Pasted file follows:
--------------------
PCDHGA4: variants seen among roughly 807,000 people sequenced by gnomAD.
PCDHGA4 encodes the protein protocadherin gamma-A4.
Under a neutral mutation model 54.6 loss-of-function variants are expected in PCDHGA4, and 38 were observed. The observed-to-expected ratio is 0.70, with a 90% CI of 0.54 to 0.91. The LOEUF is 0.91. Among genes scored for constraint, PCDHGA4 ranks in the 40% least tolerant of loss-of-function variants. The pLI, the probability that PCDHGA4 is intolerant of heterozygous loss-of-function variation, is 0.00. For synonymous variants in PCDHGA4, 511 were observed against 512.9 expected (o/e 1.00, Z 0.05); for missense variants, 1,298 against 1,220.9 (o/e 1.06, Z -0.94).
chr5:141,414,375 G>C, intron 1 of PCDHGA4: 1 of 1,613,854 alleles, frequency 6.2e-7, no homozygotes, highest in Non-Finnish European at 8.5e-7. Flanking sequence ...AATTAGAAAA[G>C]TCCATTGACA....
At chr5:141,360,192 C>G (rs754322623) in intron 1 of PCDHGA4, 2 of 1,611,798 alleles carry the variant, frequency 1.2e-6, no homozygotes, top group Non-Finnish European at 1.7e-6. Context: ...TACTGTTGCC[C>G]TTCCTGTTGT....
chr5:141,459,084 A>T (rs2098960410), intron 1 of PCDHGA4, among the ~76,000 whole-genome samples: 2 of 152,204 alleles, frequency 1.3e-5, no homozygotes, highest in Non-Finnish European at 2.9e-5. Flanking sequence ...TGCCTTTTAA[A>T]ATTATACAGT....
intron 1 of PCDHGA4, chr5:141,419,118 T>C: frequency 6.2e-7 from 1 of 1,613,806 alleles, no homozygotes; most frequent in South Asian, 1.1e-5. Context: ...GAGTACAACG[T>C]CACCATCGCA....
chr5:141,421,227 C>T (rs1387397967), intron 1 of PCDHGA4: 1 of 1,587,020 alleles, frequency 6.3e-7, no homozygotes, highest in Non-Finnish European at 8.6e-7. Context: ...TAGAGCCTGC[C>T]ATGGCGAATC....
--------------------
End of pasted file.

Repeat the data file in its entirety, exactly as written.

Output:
PCDHGA4: variants seen among roughly 807,000 people sequenced by gnomAD.
PCDHGA4 encodes the protein protocadherin gamma-A4.
Under a neutral mutation model 54.6 loss-of-function variants are expected in PCDHGA4, and 38 were observed. The observed-to-expected ratio is 0.70, with a 90% CI of 0.54 to 0.91. The LOEUF is 0.91. Among genes scored for constraint, PCDHGA4 ranks in the 40% least tolerant of loss-of-function variants. The pLI, the probability that PCDHGA4 is intolerant of heterozygous loss-of-function variation, is 0.00. For synonymous variants in PCDHGA4, 511 were observed against 512.9 expected (o/e 1.00, Z 0.05); for missense variants, 1,298 against 1,220.9 (o/e 1.06, Z -0.94).
chr5:141,414,375 G>C, intron 1 of PCDHGA4: 1 of 1,613,854 alleles, frequency 6.2e-7, no homozygotes, highest in Non-Finnish European at 8.5e-7. Flanking sequence ...AATTAGAAAA[G>C]TCCATTGACA....
At chr5:141,360,192 C>G (rs754322623) in intron 1 of PCDHGA4, 2 of 1,611,798 alleles carry the variant, frequency 1.2e-6, no homozygotes, top group Non-Finnish European at 1.7e-6. Context: ...TACTGTTGCC[C>G]TTCCTGTTGT....
chr5:141,459,084 A>T (rs2098960410), intron 1 of PCDHGA4, among the ~76,000 whole-genome samples: 2 of 152,204 alleles, frequency 1.3e-5, no homozygotes, highest in Non-Finnish European at 2.9e-5. Flanking sequence ...TGCCTTTTAA[A>T]ATTATACAGT....
intron 1 of PCDHGA4, chr5:141,419,118 T>C: frequency 6.2e-7 from 1 of 1,613,806 alleles, no homozygotes; most frequent in South Asian, 1.1e-5. Context: ...GAGTACAACG[T>C]CACCATCGCA....
chr5:141,421,227 C>T (rs1387397967), intron 1 of PCDHGA4: 1 of 1,587,020 alleles, frequency 6.3e-7, no homozygotes, highest in Non-Finnish European at 8.6e-7. Context: ...TAGAGCCTGC[C>T]ATGGCGAATC....